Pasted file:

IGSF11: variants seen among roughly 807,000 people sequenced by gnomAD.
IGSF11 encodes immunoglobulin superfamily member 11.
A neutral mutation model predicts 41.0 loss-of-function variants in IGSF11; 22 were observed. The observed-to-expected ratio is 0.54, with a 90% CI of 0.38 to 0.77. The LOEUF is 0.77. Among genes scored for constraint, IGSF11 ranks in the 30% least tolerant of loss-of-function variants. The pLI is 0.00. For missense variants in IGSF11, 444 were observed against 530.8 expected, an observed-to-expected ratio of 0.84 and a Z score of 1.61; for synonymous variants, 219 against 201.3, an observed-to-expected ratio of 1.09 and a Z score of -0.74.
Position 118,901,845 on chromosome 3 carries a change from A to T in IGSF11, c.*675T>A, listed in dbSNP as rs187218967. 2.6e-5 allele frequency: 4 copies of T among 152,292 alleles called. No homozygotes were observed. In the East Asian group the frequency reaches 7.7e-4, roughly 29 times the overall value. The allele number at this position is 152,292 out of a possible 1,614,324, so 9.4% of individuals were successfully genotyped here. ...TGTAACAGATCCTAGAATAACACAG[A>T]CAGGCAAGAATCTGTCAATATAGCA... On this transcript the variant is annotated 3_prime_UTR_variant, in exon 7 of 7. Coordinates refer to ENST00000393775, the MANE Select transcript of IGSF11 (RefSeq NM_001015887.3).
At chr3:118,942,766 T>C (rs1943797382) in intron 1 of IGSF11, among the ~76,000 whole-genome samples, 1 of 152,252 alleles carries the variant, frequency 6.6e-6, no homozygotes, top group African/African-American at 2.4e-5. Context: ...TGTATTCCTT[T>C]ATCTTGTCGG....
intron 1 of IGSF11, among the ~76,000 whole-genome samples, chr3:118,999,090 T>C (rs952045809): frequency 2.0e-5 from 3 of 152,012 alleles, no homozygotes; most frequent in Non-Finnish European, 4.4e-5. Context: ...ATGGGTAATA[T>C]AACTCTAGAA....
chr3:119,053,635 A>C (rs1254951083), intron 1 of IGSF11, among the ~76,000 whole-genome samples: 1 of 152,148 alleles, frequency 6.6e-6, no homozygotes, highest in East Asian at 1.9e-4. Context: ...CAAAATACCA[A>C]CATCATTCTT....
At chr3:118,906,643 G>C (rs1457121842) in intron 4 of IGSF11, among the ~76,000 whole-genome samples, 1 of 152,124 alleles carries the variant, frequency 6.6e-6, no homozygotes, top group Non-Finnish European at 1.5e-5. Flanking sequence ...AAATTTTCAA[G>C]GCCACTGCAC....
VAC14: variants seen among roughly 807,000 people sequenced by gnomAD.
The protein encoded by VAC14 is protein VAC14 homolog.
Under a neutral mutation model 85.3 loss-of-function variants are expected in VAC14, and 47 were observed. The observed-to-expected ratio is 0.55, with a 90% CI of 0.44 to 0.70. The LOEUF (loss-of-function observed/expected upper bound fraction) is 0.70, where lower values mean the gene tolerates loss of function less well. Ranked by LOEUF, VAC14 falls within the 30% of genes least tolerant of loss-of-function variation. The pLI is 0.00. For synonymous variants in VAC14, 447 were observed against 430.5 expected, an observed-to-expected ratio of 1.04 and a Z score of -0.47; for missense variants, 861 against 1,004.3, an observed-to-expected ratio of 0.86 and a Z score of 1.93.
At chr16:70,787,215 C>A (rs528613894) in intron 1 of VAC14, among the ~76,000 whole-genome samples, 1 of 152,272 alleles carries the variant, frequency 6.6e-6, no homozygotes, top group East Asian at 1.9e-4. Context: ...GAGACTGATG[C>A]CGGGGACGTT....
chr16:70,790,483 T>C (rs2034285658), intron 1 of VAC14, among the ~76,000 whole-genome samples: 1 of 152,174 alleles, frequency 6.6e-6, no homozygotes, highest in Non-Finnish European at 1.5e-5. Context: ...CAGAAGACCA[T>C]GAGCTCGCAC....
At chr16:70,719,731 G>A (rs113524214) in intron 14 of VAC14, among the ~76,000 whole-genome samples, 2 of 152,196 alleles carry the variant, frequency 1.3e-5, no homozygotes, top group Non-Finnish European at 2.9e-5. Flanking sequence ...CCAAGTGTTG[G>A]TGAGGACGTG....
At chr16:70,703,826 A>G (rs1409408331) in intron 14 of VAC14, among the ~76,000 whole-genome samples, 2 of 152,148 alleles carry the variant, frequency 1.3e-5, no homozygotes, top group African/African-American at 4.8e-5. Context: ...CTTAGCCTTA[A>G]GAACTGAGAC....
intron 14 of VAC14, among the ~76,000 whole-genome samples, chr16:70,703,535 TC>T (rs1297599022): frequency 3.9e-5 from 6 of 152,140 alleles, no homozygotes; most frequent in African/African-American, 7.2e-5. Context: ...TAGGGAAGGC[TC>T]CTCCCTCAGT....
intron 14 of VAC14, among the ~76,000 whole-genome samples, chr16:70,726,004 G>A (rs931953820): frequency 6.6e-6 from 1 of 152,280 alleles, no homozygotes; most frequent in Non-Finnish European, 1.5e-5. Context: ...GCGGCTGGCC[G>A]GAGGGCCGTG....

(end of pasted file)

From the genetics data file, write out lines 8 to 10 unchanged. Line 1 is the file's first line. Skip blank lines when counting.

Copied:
At chr3:118,906,643 G>C (rs1457121842) in intron 4 of IGSF11, among the ~76,000 whole-genome samples, 1 of 152,124 alleles carries the variant, frequency 6.6e-6, no homozygotes, top group Non-Finnish European at 1.5e-5. Flanking sequence ...AAATTTTCAA[G>C]GCCACTGCAC....
VAC14: variants seen among roughly 807,000 people sequenced by gnomAD.
The protein encoded by VAC14 is protein VAC14 homolog.